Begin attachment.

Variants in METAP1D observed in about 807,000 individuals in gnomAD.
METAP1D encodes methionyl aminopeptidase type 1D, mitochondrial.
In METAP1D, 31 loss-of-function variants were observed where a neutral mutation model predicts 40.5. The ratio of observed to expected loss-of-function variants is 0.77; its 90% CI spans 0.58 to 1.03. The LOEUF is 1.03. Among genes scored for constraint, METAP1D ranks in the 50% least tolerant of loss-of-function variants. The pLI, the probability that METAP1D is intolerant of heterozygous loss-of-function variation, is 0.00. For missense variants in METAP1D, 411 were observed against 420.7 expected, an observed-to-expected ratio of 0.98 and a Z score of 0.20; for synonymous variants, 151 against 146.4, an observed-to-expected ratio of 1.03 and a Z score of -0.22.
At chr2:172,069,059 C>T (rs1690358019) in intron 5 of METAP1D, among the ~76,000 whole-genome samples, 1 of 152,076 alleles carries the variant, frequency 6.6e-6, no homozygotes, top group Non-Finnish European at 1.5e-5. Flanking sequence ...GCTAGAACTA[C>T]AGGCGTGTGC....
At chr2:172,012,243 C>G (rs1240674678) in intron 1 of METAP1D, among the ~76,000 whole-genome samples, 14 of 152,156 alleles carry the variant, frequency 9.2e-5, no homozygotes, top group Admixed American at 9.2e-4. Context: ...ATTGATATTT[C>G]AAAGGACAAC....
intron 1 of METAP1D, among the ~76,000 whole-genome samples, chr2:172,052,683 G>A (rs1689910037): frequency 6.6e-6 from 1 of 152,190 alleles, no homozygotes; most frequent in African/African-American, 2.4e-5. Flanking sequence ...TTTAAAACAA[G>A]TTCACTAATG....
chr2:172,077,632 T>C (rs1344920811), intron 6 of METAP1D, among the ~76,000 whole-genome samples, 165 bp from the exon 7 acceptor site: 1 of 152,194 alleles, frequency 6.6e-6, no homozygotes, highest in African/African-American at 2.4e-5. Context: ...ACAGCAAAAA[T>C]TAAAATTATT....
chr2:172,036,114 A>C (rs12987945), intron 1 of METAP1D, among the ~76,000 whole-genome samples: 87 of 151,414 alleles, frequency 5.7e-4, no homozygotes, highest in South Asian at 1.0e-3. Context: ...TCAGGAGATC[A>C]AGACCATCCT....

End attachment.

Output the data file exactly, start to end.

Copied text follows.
Variants in METAP1D observed in about 807,000 individuals in gnomAD.
METAP1D encodes methionyl aminopeptidase type 1D, mitochondrial.
In METAP1D, 31 loss-of-function variants were observed where a neutral mutation model predicts 40.5. The ratio of observed to expected loss-of-function variants is 0.77; its 90% CI spans 0.58 to 1.03. The LOEUF is 1.03. Among genes scored for constraint, METAP1D ranks in the 50% least tolerant of loss-of-function variants. The pLI, the probability that METAP1D is intolerant of heterozygous loss-of-function variation, is 0.00. For missense variants in METAP1D, 411 were observed against 420.7 expected, an observed-to-expected ratio of 0.98 and a Z score of 0.20; for synonymous variants, 151 against 146.4, an observed-to-expected ratio of 1.03 and a Z score of -0.22.
At chr2:172,069,059 C>T (rs1690358019) in intron 5 of METAP1D, among the ~76,000 whole-genome samples, 1 of 152,076 alleles carries the variant, frequency 6.6e-6, no homozygotes, top group Non-Finnish European at 1.5e-5. Flanking sequence ...GCTAGAACTA[C>T]AGGCGTGTGC....
At chr2:172,012,243 C>G (rs1240674678) in intron 1 of METAP1D, among the ~76,000 whole-genome samples, 14 of 152,156 alleles carry the variant, frequency 9.2e-5, no homozygotes, top group Admixed American at 9.2e-4. Context: ...ATTGATATTT[C>G]AAAGGACAAC....
intron 1 of METAP1D, among the ~76,000 whole-genome samples, chr2:172,052,683 G>A (rs1689910037): frequency 6.6e-6 from 1 of 152,190 alleles, no homozygotes; most frequent in African/African-American, 2.4e-5. Flanking sequence ...TTTAAAACAA[G>A]TTCACTAATG....
chr2:172,077,632 T>C (rs1344920811), intron 6 of METAP1D, among the ~76,000 whole-genome samples, 165 bp from the exon 7 acceptor site: 1 of 152,194 alleles, frequency 6.6e-6, no homozygotes, highest in African/African-American at 2.4e-5. Context: ...ACAGCAAAAA[T>C]TAAAATTATT....
chr2:172,036,114 A>C (rs12987945), intron 1 of METAP1D, among the ~76,000 whole-genome samples: 87 of 151,414 alleles, frequency 5.7e-4, no homozygotes, highest in South Asian at 1.0e-3. Context: ...TCAGGAGATC[A>C]AGACCATCCT....